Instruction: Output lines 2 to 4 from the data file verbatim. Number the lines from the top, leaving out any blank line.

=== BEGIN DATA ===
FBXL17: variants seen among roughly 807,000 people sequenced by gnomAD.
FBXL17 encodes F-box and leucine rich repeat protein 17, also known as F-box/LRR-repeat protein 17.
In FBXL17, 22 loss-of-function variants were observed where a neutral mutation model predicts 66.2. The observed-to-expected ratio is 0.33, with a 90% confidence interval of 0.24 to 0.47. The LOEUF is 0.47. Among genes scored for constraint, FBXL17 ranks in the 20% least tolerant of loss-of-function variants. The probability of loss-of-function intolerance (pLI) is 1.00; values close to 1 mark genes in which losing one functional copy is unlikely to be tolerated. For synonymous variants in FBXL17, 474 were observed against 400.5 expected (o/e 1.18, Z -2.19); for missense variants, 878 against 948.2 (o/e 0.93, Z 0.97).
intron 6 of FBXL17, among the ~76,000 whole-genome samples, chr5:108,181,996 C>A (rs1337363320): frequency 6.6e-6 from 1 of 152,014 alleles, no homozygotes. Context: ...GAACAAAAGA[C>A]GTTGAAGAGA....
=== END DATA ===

FBXL17 encodes F-box and leucine rich repeat protein 17, also known as F-box/LRR-repeat protein 17.
In FBXL17, 22 loss-of-function variants were observed where a neutral mutation model predicts 66.2. The observed-to-expected ratio is 0.33, with a 90% confidence interval of 0.24 to 0.47. The LOEUF is 0.47. Among genes scored for constraint, FBXL17 ranks in the 20% least tolerant of loss-of-function variants. The probability of loss-of-function intolerance (pLI) is 1.00; values close to 1 mark genes in which losing one functional copy is unlikely to be tolerated. For synonymous variants in FBXL17, 474 were observed against 400.5 expected (o/e 1.18, Z -2.19); for missense variants, 878 against 948.2 (o/e 0.93, Z 0.97).
intron 6 of FBXL17, among the ~76,000 whole-genome samples, chr5:108,181,996 C>A (rs1337363320): frequency 6.6e-6 from 1 of 152,014 alleles, no homozygotes. Context: ...GAACAAAAGA[C>A]GTTGAAGAGA....